TMJCHICAGO.COM

A WEBSITE ABOUT HEADACHES,
"TMJ" AND FACIAL PAIN

ALLEN J. MOSES, DDS

OBJECTIVE MEASUREMENT

Scientific equipment is now available to aid in documenting the physiologic status of patients, advancing dentists' understanding of pain involving masticatory dysfunction and guiding doctors toward better patient care. Using painless, non-invasive electronic measurement tools such as electromyography, electrosonography, and electrokinetic range of motion tracings, doctors are now able to confirm the status of many orofacial pain patients before, during and after treatment. Dentists can accurately evaluate the results of treatment. The methodology for such clinical study and treatment is scientifically sound, logical, safe, and well established in the dental literature.

In 1998, at an FDA meeting in which the panel recommended approval and classification of these objective measurement devices as aids in the diagnosis and treatment of Temporomandibular Disorders, one speaker criticized these measurements for not being validated by double-blind controlled studies. He contended that evidence based care should be the standard of medical science, and that the highest form of evidence should be double-blind controlled studies. A member of the audience then related a story. His wife had been hospitalized, and her physician had recommended a certain steroid drug. The husband asked if his wife couldn't first be tested to see if she was allergic or if the drug might be toxic to her. Her medical specialist explained that according to journal articles based on double-blind controlled studies, the medication was safe in well over 85 percent of all cases. No test for toxicity or allergy had nearly that level of reliability, so testing was not indicated. The medication was administered, the wife had an adverse reaction and died. The point is that no patient should ever be treated as a statistic. No one is the "average patient." Double-blind controlled studies provide inference, not evidence. It predicts statistically what the results would be on the average patient.

When patients consult with a doctor regarding orofacial pain, they are really asking, "Doctor, based on your expertise, can you repeat your most successful results from previous patients on me?" In order to do so, doctors must know what they did to get these results. They need to know what the condition of the patient was when he or she first came in, what specific characteristics constitute any diagnosis and what treatment was administered to achieve the result.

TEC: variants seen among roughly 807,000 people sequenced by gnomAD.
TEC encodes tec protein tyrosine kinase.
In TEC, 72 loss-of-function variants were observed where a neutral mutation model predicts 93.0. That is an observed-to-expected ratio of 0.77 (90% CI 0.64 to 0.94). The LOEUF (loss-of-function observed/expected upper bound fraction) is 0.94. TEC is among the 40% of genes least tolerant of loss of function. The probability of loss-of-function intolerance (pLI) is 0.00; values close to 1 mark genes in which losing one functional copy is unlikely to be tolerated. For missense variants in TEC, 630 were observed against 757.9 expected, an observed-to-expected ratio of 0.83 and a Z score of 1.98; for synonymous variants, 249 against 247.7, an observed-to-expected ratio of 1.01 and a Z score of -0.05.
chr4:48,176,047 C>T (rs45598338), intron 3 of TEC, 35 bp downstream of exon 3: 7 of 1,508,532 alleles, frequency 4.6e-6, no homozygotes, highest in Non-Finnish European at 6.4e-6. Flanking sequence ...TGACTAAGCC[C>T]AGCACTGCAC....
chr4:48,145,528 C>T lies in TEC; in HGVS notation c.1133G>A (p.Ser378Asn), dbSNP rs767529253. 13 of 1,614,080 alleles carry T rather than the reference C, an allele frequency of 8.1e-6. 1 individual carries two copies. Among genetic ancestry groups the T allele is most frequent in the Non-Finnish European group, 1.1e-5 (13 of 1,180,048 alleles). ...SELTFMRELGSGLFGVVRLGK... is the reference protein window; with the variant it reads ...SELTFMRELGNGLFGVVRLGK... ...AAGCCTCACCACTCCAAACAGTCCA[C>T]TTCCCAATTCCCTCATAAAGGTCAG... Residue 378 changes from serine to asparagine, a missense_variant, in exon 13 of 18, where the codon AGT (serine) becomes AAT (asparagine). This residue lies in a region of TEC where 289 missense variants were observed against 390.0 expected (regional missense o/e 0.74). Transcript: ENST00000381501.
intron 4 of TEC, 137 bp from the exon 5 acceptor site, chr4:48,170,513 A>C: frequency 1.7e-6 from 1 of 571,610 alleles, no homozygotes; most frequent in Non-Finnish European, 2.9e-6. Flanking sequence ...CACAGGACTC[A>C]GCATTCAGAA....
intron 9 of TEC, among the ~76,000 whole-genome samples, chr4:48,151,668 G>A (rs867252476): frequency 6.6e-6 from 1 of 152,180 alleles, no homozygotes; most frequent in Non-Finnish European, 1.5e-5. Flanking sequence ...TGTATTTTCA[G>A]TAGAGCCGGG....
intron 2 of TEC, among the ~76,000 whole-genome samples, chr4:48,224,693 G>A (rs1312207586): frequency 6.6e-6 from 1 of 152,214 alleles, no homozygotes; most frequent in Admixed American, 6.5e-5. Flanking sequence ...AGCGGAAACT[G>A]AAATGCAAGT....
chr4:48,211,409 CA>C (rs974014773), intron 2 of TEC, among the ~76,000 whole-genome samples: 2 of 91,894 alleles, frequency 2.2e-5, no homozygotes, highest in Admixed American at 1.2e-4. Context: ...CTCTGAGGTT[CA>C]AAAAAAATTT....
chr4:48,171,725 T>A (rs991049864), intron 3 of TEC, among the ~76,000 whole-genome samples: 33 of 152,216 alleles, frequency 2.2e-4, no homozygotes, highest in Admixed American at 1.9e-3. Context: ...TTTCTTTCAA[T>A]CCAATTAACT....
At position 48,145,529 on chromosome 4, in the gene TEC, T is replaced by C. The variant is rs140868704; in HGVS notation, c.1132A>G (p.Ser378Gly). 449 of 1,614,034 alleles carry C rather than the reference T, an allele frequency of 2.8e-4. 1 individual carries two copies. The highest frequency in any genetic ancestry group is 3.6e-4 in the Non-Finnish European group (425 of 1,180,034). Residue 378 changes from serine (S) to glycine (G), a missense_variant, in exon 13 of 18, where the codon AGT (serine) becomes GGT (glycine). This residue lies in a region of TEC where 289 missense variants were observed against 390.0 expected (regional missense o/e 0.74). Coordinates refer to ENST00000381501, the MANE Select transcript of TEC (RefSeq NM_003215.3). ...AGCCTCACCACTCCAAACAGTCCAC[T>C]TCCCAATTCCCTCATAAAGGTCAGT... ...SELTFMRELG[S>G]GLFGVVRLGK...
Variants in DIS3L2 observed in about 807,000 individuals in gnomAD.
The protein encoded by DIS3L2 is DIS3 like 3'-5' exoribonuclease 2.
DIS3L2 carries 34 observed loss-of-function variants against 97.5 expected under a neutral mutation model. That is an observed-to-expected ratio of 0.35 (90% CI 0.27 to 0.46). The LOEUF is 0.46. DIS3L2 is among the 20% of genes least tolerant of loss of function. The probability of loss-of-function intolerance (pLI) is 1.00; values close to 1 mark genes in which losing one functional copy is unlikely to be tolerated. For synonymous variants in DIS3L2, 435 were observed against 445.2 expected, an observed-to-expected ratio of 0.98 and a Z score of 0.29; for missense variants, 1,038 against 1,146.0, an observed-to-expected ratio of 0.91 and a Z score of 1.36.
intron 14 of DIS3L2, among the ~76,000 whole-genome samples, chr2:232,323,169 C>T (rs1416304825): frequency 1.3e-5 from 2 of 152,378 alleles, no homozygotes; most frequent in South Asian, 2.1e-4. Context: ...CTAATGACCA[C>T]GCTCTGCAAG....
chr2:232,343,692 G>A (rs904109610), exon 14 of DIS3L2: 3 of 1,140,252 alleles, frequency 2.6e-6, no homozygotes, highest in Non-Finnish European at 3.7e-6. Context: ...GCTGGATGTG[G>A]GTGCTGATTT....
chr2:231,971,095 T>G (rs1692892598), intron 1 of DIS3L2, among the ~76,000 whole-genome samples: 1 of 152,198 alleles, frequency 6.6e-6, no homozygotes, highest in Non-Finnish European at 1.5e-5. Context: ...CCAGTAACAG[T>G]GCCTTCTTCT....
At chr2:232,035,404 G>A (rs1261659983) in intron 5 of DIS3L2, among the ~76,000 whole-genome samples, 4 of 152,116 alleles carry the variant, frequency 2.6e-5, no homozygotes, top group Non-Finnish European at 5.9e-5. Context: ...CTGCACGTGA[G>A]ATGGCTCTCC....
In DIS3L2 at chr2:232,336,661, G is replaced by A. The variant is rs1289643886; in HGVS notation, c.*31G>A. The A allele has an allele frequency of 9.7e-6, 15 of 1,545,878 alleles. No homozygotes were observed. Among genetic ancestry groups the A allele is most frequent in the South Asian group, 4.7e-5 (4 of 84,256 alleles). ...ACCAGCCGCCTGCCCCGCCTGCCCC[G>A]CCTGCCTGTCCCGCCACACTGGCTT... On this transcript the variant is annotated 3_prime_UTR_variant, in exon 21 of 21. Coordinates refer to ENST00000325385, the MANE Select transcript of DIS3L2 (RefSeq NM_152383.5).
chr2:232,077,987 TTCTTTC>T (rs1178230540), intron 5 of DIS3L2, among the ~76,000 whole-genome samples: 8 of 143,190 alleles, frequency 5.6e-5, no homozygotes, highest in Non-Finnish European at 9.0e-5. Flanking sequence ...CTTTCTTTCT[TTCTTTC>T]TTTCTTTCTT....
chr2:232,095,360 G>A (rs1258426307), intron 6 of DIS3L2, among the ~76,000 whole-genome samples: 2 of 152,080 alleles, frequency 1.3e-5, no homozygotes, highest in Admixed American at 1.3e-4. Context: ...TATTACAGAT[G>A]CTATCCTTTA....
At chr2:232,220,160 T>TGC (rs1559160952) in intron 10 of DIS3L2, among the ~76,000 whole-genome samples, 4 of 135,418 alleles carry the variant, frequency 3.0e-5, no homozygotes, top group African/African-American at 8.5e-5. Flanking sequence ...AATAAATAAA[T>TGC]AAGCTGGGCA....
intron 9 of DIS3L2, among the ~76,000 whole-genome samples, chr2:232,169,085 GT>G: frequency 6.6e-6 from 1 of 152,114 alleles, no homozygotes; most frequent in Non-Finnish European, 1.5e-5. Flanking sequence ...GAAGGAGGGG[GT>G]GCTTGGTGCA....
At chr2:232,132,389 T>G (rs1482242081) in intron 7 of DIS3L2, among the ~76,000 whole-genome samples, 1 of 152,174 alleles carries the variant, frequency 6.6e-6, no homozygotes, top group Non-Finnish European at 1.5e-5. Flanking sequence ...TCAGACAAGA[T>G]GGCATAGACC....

Dentists availing themselves of such measurement devices have objective documentation to establish defined parameters for many conditions manifesting masticatory dysfunction (TMJs and TMDs). These devices are FDA- and ADA-approved for safety and efficacy. Doctors who utilize such non-invasive, painless electronic measurement devices can document what they did to get their results. This is truly evidence-based care. Doctors who do not have the benefit of this information can only treat pain and non-specific symptoms based on subjective judgment.

In the words of U.S. Supreme Court Justice Benjamin Cardozo, "If something has been measured, it is a fact. If not measured, it is merely an opinion."

Devices used as diagnostic aids:
  •  Computerized Electrokinetic Jaw Tracking
  •  Electromyography
  •  Electrosonography
  •  Ultra-low-frequency neural stimulator

Computerized Electrokinetic Jaw Tracking

Electrokinetic Jaw Tracking is accomplished by placing a tiny magnet with adhesive, non-intrusively, within the lower lip vestibule beneath the teeth when they are in occlusion. A sensor array is anchored around the face by an ear and nose frame that is secured behind the head by velcro bands. The sensor array records incisor point movement in three dimensions by measuring the magnetic field. The information is fed to a computer, which digitizes the data into such frames of reference as sagittal, frontal, anterior, posterior, vertical, lateral, and velocity of movement. Functional activities such as opening, closing, chewing, swallowing, and rest position can be analyzed. Neuromuscular status such as degree of relaxation or dysfunction can be recorded, documented, analyzed and saved for future comparison.
        



Electromyography

Electromyography for analyzing masticatory function utilizes self-adhesive disposable silver chloride skin electrodes. They are usually placed bilaterally on the skin overlying the mid-masseter, anterior temporalis, posterior temporalis and anterior digastric muscles. Muscle activity is analyzed in both rest and function, at baseline initial readings and after relaxation therapy by ultra-low-frequency neural stimulation.

Surface electrodes are preferred over needle or wire electrodes because they are painless and non-invasive and they record the broad range of activity of the entire muscle. (Needle electrodes, in contrast, cause pain, which initially alters muscle function, and they only record the activity of the few sarcomeres or cells with which they are in direct contact. Measurement of electrical energy using needle electrodes does not accurately characterize the combined activity of the entire muscle).

Electrosonography

Electrosonography utilizes a pair of vibration transducers held in place over the temporomandibular joints by a very lightweight headset. Vibrations from each joint during opening and closing of the lower jaw are monitored by the transducers, amplified, and input to a computer for processing, display and analysis. Joint sounds can be examined for loudness, duration, and frequencies present. The condition of the jaw joints can be objectively documented over extended periods of time and their status accurately evaluated.

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